By Mark Bern
I own two of these stocks and am considering the purchase of two others, although I may wait for another dip to occur before adding them. Of the other two, both may have long-term potential but short-term there are potential problems. The purpose of this article is to help dividend growth investors who look for rising dividends understand that the trend in dividend growth may change for the worse and that there are other traits that must be considered.
Rising dividends, in and of themselves, are a good trait, but if the fundamentals that have supported those increases are under attack the investor needs to reassess the future value of the underlying stock and its future earnings potential. In the case of the stocks highlighted here, four have sound, sustainable business models that are able to grow earnings faster than the rate of global economic growth and two are unable to sustain growth due either to forces outside of management's control or to management's inability to continue to execute the business model that led the company to its position of prominence.
The point is that if, as an investor, you are looking for good dividends you should first look at the quality of earnings to determine the sustainability of those dividends.
I differentiate these stocks based upon my expected average total return over the next five years. The first four have very favorable outlooks by my estimates while the other two could see the respective stock prices fall from current levels. I have written more detailed focus articles on most of the stocks over the last three months and links to those articles can be found here, should readers want to dig a little deeper into one or more of the companies on this list.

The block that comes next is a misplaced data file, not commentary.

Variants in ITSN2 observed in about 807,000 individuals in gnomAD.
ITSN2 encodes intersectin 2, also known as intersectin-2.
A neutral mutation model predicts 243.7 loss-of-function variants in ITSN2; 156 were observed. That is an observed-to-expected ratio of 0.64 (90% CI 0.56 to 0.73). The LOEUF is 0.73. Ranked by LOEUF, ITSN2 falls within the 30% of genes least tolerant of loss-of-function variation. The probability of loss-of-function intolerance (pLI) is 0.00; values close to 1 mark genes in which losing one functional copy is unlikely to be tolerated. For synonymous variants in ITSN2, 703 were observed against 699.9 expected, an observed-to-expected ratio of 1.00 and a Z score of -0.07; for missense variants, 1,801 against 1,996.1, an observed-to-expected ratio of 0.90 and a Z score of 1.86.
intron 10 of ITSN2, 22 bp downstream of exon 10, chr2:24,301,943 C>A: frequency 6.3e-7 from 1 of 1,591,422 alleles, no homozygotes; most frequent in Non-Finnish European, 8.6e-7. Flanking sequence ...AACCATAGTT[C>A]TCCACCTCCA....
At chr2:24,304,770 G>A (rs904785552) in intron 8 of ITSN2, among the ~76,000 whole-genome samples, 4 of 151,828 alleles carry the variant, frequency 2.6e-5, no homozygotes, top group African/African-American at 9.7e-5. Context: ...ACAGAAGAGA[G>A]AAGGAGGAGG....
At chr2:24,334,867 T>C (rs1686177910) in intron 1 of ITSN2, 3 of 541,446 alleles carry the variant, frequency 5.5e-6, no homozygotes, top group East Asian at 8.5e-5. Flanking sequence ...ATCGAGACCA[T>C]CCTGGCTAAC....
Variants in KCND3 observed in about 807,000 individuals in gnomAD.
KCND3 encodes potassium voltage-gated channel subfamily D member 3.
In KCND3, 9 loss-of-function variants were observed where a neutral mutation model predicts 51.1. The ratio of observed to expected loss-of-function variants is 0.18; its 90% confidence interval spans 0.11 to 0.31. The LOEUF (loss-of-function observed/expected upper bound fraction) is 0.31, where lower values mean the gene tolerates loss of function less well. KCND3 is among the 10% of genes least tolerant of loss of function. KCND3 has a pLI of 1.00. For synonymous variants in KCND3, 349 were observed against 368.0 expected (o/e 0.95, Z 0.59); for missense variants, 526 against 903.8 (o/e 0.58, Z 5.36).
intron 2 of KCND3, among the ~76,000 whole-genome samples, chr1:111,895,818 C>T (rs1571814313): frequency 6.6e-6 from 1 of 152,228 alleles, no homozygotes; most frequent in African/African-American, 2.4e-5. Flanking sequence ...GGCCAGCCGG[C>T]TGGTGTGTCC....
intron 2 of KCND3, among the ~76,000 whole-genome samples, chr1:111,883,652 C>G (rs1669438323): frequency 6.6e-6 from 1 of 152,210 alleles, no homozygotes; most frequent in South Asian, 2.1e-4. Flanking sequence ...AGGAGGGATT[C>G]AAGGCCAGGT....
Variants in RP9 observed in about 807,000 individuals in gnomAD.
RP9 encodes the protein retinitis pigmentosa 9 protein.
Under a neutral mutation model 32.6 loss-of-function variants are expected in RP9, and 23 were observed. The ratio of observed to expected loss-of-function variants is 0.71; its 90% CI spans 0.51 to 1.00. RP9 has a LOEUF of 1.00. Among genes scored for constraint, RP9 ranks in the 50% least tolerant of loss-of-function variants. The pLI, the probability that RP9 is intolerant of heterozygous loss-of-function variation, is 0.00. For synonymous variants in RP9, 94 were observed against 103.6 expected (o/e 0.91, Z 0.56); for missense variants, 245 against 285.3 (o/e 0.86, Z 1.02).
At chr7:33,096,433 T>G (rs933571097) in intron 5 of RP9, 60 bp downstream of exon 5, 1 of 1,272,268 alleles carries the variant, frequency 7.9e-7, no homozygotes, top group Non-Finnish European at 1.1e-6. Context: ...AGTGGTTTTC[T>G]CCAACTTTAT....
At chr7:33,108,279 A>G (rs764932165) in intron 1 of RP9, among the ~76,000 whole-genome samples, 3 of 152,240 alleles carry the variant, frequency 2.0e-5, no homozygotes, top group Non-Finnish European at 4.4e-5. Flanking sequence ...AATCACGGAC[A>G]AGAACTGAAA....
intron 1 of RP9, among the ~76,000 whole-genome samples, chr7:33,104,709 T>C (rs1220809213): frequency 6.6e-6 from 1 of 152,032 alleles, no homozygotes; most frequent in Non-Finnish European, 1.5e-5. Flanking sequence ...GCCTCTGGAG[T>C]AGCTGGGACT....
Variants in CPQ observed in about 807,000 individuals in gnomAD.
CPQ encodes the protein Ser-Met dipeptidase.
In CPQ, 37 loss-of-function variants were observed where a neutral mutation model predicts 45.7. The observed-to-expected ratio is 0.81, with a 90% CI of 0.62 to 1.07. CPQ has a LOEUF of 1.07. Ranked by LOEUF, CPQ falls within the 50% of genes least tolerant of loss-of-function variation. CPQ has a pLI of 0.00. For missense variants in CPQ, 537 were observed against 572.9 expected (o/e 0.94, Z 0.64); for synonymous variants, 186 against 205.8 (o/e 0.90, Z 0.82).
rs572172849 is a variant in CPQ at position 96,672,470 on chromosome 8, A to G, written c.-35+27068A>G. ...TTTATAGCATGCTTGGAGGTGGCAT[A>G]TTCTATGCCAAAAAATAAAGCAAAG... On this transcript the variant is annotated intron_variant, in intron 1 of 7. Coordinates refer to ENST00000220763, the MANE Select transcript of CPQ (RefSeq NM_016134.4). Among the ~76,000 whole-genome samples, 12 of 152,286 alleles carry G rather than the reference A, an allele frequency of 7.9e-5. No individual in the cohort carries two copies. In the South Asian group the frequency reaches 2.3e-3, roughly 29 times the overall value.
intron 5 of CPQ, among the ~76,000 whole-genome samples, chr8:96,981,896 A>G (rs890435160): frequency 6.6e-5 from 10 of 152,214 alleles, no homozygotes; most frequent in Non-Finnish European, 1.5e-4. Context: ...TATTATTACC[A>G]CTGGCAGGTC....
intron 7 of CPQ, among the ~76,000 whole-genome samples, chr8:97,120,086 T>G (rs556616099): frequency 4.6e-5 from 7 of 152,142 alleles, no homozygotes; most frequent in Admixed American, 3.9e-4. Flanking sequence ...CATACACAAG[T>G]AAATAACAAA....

PepsiCo (PEP) is the world's second largest food and beverage company. The company has 19 brands that contribute more than $1 billion in sales annually each. In 2000, that number stood at just 10 brands. The company derives more than 45 percent of its revenue from outside the U.S. and continues to grow that percentage, especially in emerging and developing markets from which it already originates 30 percent of company revenue. I don't know what the market will do in the short or even the intermediate term, but I do know that those companies that consistently post higher earnings, rising dividends and maintain strong financial positions will see their stock prices rise over the long term. PepsiCo is among that elite group that can lay claim to a bright and prosperous future, in my opinion. The company's dividend has risen for 39 consecutive years and still has room to grow. My estimated average annual total return over the next five years is 18%.
Alliant Energy (LNT) supplies electricity, gas and other related services in Wisconsin, Iowa and Minnesota. Much of what I like about this company is the relative safety of the dividends which have increased for eight consecutive years. What makes this utility stand out from others for me is the potential earnings growth. At 6%, earnings should grow faster than the industry average of about 3.5%. That 2.5% may not seem like much, but in utilities it's huge. The non-regulated RMT has a healthy pipeline of wind and solar projects and should help this utility to outpace its peers in the next few years. The current dividend yield is 4%. I expect the total return for LNT to average about 9% annually over the next five years with about half of that coming from dividends.